One-hundred of New Zealand's most esteemed judicial officials were formally welcomed on to a Tauranga marae in a historic event not seen before.
Judges from the nation's Supreme Court, High Court and Court of Appeal were honored manuhiri at Te Whetū-o-te-Rangi Marae on Thursday as part of this year's Senior Court Judges' Conference.
At midday, a traditional wero (challenge) was held as the contingent of judges, including Chief Justice Helen Winkelmann, walked on to the Welcome Bay marae grounds as part of the pōwhiri.
Organiser Kipouaka Pukekura said such a gathering on a marae had not happened in New Zealand's history before.
"It's significant for Tauranga Moana. It's significant for the judiciary. It's the three top layers of the top judges in the country and it's the first time they've congregated all together like this."
Pukekura said the aim of hosting the conference was to share Māori tikanga with the judges to offer a better understanding of their culture and background.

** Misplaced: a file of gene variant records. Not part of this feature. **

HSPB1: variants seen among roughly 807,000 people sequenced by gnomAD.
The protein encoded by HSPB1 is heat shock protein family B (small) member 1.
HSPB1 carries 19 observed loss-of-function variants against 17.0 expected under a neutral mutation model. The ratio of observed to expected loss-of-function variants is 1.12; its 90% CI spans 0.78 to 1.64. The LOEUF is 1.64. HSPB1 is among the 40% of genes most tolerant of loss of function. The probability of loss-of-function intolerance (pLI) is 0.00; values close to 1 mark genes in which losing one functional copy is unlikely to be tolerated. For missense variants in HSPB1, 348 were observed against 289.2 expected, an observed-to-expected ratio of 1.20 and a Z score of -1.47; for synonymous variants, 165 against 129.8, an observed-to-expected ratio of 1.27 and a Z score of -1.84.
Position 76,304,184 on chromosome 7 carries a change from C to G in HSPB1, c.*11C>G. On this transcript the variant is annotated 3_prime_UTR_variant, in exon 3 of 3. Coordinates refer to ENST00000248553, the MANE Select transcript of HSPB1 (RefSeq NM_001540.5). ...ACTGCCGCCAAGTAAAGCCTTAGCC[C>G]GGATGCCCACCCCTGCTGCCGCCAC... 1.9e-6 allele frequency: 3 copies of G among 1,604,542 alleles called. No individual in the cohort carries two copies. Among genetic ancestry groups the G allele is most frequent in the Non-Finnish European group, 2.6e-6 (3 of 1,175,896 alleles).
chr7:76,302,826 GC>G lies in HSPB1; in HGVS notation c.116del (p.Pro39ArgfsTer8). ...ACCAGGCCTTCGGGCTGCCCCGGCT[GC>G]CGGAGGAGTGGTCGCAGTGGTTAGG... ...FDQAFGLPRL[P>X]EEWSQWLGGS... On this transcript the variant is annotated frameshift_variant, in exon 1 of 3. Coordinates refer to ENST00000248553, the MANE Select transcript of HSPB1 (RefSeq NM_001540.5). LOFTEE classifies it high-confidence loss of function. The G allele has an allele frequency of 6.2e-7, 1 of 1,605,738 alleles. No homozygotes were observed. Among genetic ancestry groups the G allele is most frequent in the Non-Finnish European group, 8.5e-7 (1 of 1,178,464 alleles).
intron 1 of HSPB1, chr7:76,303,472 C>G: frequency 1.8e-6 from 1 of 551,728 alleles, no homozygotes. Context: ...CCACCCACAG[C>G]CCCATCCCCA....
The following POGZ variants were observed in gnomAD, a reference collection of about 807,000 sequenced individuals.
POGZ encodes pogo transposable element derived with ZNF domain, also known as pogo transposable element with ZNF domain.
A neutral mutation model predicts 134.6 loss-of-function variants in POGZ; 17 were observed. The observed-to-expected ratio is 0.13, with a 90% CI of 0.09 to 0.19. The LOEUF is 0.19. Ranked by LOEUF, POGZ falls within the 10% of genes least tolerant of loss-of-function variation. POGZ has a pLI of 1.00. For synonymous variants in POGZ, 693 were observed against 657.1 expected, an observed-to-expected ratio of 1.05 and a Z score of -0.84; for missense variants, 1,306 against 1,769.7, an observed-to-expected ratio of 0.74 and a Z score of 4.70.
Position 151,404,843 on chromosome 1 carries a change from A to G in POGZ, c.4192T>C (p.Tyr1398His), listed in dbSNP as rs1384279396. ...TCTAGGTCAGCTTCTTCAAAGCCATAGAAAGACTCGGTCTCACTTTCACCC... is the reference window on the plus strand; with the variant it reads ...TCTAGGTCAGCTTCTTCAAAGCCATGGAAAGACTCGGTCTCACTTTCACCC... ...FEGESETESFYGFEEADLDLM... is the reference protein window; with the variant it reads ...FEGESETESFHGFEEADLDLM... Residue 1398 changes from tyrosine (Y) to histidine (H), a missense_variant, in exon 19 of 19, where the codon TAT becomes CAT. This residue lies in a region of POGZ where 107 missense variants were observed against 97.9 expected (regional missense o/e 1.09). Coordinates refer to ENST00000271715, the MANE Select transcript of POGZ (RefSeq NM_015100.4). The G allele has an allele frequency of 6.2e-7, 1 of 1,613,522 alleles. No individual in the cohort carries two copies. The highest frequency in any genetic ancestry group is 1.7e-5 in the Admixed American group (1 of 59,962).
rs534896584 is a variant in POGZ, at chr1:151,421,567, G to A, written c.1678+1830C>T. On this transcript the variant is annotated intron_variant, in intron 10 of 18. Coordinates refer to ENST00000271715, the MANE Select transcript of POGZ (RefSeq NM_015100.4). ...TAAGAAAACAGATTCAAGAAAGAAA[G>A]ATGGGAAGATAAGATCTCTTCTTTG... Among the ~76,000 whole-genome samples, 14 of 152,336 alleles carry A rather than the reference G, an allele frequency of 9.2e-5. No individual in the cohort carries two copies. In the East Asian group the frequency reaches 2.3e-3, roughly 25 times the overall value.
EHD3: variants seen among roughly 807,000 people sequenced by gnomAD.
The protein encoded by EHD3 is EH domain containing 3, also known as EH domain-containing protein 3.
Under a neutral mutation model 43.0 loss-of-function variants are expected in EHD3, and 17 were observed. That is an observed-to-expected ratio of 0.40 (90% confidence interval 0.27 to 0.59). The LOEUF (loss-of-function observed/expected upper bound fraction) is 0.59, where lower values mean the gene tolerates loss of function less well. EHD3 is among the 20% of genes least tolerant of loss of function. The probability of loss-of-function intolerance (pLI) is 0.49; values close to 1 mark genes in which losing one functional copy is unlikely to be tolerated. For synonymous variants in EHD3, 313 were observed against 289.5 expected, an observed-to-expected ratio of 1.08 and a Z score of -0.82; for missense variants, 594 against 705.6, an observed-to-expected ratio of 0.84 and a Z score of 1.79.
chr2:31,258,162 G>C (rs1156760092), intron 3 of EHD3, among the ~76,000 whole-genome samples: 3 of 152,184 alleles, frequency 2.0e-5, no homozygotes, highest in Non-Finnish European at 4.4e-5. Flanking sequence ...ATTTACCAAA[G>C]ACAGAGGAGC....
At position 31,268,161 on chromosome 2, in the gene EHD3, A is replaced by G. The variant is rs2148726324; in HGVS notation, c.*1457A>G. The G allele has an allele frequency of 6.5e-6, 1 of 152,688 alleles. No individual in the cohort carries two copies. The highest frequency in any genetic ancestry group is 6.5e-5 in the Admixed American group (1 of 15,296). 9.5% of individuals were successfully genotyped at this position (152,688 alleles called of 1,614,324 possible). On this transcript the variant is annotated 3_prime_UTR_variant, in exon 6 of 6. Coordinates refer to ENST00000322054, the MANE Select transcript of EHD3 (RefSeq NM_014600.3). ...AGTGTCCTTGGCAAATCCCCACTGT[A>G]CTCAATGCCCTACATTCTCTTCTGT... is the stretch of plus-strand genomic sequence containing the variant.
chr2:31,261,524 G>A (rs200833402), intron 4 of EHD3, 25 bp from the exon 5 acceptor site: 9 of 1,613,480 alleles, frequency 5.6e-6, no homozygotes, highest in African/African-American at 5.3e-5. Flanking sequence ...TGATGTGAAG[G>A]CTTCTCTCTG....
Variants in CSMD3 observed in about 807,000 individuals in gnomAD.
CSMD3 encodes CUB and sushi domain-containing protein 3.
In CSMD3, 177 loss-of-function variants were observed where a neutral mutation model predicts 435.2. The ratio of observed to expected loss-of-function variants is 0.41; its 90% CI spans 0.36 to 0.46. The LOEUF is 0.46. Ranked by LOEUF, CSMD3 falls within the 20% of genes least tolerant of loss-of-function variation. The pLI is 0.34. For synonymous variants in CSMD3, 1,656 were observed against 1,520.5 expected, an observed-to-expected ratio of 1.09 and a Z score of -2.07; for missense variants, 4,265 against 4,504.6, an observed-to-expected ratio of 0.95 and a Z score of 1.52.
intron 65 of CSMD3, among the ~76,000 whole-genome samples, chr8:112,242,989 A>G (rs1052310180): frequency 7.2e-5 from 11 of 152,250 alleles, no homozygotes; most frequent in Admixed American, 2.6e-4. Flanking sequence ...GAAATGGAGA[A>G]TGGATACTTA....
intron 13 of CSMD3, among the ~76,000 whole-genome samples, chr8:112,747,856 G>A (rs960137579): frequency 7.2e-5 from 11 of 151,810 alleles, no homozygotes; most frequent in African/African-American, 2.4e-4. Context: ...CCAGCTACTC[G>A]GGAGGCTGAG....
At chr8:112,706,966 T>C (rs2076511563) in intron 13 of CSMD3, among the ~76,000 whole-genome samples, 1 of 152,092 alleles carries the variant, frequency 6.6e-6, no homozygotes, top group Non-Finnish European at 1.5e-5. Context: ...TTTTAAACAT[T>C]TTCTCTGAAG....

"When they can, at the stroke of a pen, sentence our people they need to see where our people come from," she said.
Justice Sir Joe Williams, of Ngati Pūkenga and Te Arawa descent, was among tangata whenua welcoming his colleagues and peers on to the marae.
Others welcoming the judges included local iwi leaders Matire Duncan and Hauata Palmer.
Williams, who had his investiture ceremony in Manaia last weekend, was instrumental in helping bring the conference to the marae, Pukekura said.
Speakers at the conference included Williams, QSM, Tauranga Moana chairwoman Ngareta Timutimu and Tuhoe Te Uru Taumatua chairman Tamati Kruger, who was key in negotiating the return of the Te Uruwera to Tuhoe which has fostered a positive relationship between the Crown and iwi, she said.
Pukekura said the manuhiri were the "rock stars" of New Zealand's judicial system and it was a privilege to host them.
"This is tikanga like we've never had before. This here today is informing them of how we practice tikanga," Pukekura said.
Williams was the first Māori to be appointed to preside over a Supreme Court.
He was knighted in 2019 for services to the judiciary and has waited since to have his investiture ceremony held in the tiny Coromandel Peninsula village of Manaia, home to Ngati Pūkenga o Manaia.
Such ceremonies are rarely held outside of Auckland or Wellington.